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BecomeMyFan=D

  • 5 years ago

cos(3x) +0.5 = 0 I wan to understand how to solve it.

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  1. BecomeMyFan=D
    • 5 years ago
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    anyone?

  2. BecomeMyFan=D
    • 5 years ago
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    x = .6981317008 this is the answer btw i know it, but i dont know how to get to it

  3. QuantumModulus
    • 5 years ago
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    Okay, you can bring the 0.5 to the right hand side and you're left with cos(3x) = -0.5. You know, or should be familiar with the fact that the arc-cosine of 0.5 is 60 degrees, or pi/3 radians. So, because the value is negative, it's in the second quadrant and you can say that it's 120 degrees, or 2*pi/3 radians. Now, you're left with 3x = 2*pi/3. Divide by 3, and see the values that come out, and you should get about 0.69813... radians.

  4. sklee
    • 5 years ago
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    I assume 0 < x < 2pi cos(3x)=-(1/2) since we know that cos(pi/3) = 1/2 and cosine is negative in the 2nd and 3rd quadrants, we have cos(3x) = cos(2pi/3) or cos (4pi/3) or cos(2pi + 2pi/3) or cos(2pi + 4pi/3) or cos(4pi + 2pi/3) or cos(4pi + 4pi/3) = cos(2pi/3) or cos(4pi/3) or cos(8pi/3) or cos(10pi/3) or cos(14pi/3) or cos(16pi/3) Thus 3x = 2pi/3 or 4pi/3 or 8pi/3 or 20pi/3 or 14pi/3 or 16pi/3. This gives your values x between 0 and 2pi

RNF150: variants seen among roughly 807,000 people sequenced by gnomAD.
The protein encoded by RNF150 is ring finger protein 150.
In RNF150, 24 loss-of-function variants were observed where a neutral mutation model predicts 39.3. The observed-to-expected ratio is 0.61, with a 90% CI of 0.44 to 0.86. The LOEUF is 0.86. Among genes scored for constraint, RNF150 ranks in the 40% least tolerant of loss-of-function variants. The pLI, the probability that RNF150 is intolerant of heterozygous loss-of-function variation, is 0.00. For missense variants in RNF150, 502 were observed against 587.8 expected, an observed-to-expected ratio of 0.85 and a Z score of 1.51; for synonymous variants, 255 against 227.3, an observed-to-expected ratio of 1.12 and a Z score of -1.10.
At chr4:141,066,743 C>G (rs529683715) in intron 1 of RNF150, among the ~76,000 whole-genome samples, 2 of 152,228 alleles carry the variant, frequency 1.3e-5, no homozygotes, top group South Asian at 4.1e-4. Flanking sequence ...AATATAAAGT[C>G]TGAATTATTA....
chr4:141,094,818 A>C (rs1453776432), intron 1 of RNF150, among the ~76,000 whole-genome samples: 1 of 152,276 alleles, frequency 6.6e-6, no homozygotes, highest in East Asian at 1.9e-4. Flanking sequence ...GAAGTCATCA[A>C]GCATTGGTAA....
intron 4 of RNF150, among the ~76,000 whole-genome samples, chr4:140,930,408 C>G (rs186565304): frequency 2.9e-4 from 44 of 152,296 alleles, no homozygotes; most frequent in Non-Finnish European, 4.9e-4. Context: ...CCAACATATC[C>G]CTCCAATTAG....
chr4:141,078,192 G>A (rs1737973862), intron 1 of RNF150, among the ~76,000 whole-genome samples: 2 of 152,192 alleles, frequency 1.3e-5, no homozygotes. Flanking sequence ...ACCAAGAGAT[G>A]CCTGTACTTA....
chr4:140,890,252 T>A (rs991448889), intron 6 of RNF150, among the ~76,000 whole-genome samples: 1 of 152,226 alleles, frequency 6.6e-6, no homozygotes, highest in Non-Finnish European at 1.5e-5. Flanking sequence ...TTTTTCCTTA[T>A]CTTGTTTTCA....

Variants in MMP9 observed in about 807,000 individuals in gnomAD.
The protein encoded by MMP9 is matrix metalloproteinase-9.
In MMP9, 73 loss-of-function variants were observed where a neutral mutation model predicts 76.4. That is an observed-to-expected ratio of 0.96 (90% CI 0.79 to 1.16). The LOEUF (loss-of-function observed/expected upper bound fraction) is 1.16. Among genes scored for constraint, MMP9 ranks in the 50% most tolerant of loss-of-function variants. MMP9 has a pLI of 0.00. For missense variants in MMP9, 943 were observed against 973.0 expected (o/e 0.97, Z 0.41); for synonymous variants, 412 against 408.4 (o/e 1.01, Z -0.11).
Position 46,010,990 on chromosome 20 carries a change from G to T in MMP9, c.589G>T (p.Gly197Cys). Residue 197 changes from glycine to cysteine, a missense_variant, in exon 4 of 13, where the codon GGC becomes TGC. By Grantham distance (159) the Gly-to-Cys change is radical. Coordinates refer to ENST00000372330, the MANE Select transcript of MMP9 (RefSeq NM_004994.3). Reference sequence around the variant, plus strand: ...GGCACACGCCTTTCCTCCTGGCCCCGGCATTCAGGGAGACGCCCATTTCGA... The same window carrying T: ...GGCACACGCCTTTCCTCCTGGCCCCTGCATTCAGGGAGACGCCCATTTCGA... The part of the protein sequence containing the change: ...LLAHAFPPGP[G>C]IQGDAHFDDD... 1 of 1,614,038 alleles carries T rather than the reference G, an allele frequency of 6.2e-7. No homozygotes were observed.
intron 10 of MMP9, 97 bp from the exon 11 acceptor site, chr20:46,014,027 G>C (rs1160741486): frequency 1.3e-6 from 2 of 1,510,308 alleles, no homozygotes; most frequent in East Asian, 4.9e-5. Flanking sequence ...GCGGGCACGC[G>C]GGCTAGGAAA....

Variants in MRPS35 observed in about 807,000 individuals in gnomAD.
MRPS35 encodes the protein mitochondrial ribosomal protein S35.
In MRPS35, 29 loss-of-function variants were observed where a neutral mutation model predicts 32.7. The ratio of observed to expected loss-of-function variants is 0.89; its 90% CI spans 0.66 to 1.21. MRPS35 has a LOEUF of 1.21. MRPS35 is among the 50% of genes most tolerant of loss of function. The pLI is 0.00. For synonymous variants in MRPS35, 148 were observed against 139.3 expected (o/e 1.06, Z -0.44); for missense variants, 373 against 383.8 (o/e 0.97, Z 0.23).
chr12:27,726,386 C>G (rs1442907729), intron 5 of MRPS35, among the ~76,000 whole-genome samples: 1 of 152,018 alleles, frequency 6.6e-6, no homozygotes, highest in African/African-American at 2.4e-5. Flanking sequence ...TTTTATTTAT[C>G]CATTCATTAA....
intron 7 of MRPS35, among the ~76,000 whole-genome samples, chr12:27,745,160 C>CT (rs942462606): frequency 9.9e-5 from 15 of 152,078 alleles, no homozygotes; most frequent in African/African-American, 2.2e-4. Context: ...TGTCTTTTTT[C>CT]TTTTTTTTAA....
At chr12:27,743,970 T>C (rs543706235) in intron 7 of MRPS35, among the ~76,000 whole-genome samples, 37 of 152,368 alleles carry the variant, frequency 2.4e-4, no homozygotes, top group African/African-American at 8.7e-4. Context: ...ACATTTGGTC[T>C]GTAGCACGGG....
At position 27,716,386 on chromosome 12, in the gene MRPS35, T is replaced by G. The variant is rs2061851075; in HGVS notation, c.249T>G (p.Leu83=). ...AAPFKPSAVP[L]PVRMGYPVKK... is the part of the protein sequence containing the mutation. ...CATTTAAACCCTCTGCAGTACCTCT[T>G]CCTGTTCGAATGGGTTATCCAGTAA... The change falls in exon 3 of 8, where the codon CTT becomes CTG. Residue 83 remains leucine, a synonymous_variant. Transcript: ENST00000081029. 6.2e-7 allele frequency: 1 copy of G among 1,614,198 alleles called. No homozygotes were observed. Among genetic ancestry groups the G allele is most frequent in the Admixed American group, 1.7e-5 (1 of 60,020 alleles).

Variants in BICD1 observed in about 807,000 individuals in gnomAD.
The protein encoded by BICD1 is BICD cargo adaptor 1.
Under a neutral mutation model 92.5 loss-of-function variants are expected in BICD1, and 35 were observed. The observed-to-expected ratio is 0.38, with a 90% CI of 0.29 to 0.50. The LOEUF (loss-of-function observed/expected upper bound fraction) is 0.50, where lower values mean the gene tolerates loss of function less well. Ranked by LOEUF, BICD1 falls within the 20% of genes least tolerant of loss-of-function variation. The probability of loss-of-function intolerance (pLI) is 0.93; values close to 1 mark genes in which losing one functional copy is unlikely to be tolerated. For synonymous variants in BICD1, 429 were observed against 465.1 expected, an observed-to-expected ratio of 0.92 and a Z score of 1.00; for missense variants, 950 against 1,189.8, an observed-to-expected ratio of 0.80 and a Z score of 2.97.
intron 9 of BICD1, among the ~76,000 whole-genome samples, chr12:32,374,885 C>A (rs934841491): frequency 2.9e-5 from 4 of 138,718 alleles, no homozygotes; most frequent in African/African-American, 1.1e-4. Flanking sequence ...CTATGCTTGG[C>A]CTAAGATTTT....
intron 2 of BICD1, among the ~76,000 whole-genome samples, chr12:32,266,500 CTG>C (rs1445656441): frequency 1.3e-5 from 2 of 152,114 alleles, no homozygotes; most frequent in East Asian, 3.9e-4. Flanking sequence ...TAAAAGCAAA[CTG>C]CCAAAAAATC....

5. AnwarA
    • 5 years ago
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    \[\cos(3x)=-0.5\] so 3x is either in the 2nd or 3rd quadrant, \[3x=2\pi/3+2n \pi\] or \[3x=4\pi/3+2n \pi, n=0,1,2,...\]

  6. sstarica
    • 5 years ago
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    first of all let's write down the equation in terms of cos ^_^ and you'll get : \[\cos(3x) = -0.5\] now you want to find x here, if you've noticed 3x acts as the angle in this question, so simply imagine it as theta and find the angle by doing the following: \[3x = \cos^{-1} -0.5\] \[ x = [\cos^{-1} (-0.5)]/3 = 2\pi/9 = 40\] Correct me if I'm wrong :)

  7. amistre64
    • 5 years ago
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    cos(3x) = -1/2 ; the definition of cosine consists of parts of a triangle. It will be the "leg" that is right next to it; divided by the slanted (hypotenuse); in this case, its leg=1 and slant=2 leg^2 + (opposite leg)^2 = slanted^2 -1^2 + y^2 = 2^2 1 + y^2 = 4 y^2 = 3 y=sqrt(3) or y=-sqrt(3) since the leg is (-1) we take that to be the Q2. as it turns out; 120 degrees has a cosine of -1/2 in Q2.... gotta go....

  8. sstarica
    • 5 years ago
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    I think he wanted to solve for x, right? ._.

  9. amistre64
    • 5 years ago
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    3x = 120 x=120/3 x=40

  10. amistre64
    • 5 years ago
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    180+60 = 240 3x = 240 as well 3x=240 x=240/3 x=80...

  11. amistre64
    • 5 years ago
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    figure out which one = .69813.... lol.... neither one :)

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